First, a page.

In several interviews after the publication of her 1987 novel, Beloved, Toni Morrison laments the lack of awareness and homage to the victims of the Middle Passage.

What is the Middle Passage?

Brittanica defines the Middle Passage, as “the forced voyage of enslaved Africans across the Atlantic Ocean to the New World. It was one leg of the triangular trade route that took goods (such as knives, guns, ammunition, cotton cloth, tools, and brass dishes) from Europe to Africa, Africans to work as slaves in the Americas and West Indies, and items, mostly raw materials, produced on the plantations (sugar, rice, tobacco, indigo, rum, and cotton) back to Europe. From about 1518 to the mid-19th century, millions of African men, women, and children made the 21-to-90-day voyage aboard grossly overcrowded sailing ships manned by crews mostly from Great Britain, the Netherlands, Portugal, and France”(


Toni Morrison

“It’s like the history of the middle passage,” Morrison said in an interview with Angels Carabi  in the journal Belles Lettres in 1994, “All those people who threw themselves into the sea had been violently ignored; no one praised them, nobody knows their names, nobody can remember them, not in the United States nor in Africa. Millions of people disappeared without a trace, and there is not one monument anywhere to pay homage to them, because they never arrived safely on shore. So it’s like a whole nation that is under the sea. A nameless, violent extermination.”

She continues:

Beloved, by Toni Morrison
published in 1987

“I was traveling around the United States after Beloved came out. Everywhere I would go, there was a picture of a confederate soldier on a horse in the middle of the town. Everybody has a monument to every little thing . . . there is a huge wall to all the veterans . . . but there is not one bench where we can sit down and think about those people. There is now some effort to do that, but it’s like you don’t have to pay respect to your ancestors. They are just waiting there for you to ask them to do something, but if you don’t know them, don’t honor them, don’t think of them, mourn them, or praise them, then you are like a cripple. A public monument or a private monument is needed, not just to the ancestors we know, but to all those we don’t. That’s a big gap, a disjunction in the history”(

In reading these interviews while preparing a post on Beloved for #Nastywomenwriters recently, I wondered if anything had changed after Morrison  made these pronouncements and wow, was I pleasantly surprised when I went to look.

Most compelling is the Middle Passage Ceremonies and Port Markers Project which interacts directly with Morrison’s wish. Ann L. Chinn the Executive Director and project founder writes that in 1986 she was “offered the task, as a birthday gift, to figure out a way to honor the Africans who had died in the middle passage”(

Ann L. Chin Founder and Executive Director of the Middle Passage Ceremonies and Port Markers Project

Chinn writes”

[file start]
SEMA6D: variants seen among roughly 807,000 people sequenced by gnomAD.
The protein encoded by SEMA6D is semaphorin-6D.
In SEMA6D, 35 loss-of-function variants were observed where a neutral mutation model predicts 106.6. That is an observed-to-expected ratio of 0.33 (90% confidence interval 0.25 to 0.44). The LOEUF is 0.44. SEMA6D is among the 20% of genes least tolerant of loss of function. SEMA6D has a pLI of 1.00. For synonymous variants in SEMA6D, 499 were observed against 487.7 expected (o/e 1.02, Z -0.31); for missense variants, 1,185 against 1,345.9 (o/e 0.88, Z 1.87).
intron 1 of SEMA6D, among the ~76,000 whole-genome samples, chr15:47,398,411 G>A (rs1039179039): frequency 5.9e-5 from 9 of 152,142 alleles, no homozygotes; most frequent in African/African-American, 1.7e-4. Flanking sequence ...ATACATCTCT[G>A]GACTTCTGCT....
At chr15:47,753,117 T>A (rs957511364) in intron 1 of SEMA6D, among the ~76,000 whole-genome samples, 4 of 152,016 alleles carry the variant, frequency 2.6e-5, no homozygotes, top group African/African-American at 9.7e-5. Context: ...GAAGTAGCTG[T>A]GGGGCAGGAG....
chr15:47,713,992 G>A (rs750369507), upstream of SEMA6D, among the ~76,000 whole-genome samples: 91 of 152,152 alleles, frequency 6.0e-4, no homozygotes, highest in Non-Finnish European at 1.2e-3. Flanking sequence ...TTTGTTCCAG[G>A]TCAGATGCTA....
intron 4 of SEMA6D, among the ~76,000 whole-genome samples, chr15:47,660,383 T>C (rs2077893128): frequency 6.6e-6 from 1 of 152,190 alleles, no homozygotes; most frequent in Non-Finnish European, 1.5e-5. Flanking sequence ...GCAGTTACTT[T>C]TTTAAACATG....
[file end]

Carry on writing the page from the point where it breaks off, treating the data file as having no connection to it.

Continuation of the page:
“Delving into the data has made me increasingly aware of how incomplete the appreciation of Black people’s presence and contributions to building this country is for many of us. Over the past decade we as a group of people have worked with various communities and people along the Gulf and Atlantic Coasts; thought seriously about how and why African ancestors must be commemorated; and learned a lot of history and its legacy.
For me, this Project has been truly a gift that now defines me, as clearly as my relationship with family and friends. It has matured and developed a uniqueness that highlights a shared experience, the Middle Passage. Our particular process of approaching specific areas to acknowledge their history and to encourage ancestral remembrance ceremonies and marker installations has altered my perspective on race, class, culture, national identity and responsibility” (

The MPCPMP is incredible in its scope as well as its ability to remain local to place. The organization researches and identifies ports of entry for victims of the Middle Passage and encourages communities to hold remembrance ceremonies. MPCPMP installs historic markers at important locations, provides educational work within communities and partners with larger historical and cultural societies including colleges and other academic institutions to have a broader outreach. The website itself is very informative with a list of documented arrival sites, past and occurring events  and a blog that offers monthly updates and articles.

And it seems to be in direct response to Toni Morrison. The following was posted on August 15, 2019, following her death on August 5:

A Haunting Responsibility and Connection: A Tribute to Toni Morrison
Posted on August 15, 2019 by Emily Kugler

“Toni Morrison is being praised this week for her life’s work as an iconic Black American Woman author. At her passing, many have noted how the Nobel Prize winner chose to view the lives of Black people clearly beyond the “White gaze.” For those in the Middle Passage Ceremonies and Port Markers Project (MPCPMP), however, she directly inspired us to address the history of captive African ancestors who died in the transatlantic crossing.
More than 30 years ago, the great author expressed to her friend Rudy Lombard, a former MPCPMP Advisory Board member, that little or nothing had been done to pay homage to those lost in the trauma of the Middle Passage. She expressed the great need for commemoration and healing to confront this violent history. In 2011, the Project was established as a non-profit organization. MPCPMP encourages communities to hold remembrance ceremonies and install historic markers to honor the lives of the estimated two million children, women, and men who perished and the ten million who survived the transatlantic trade”(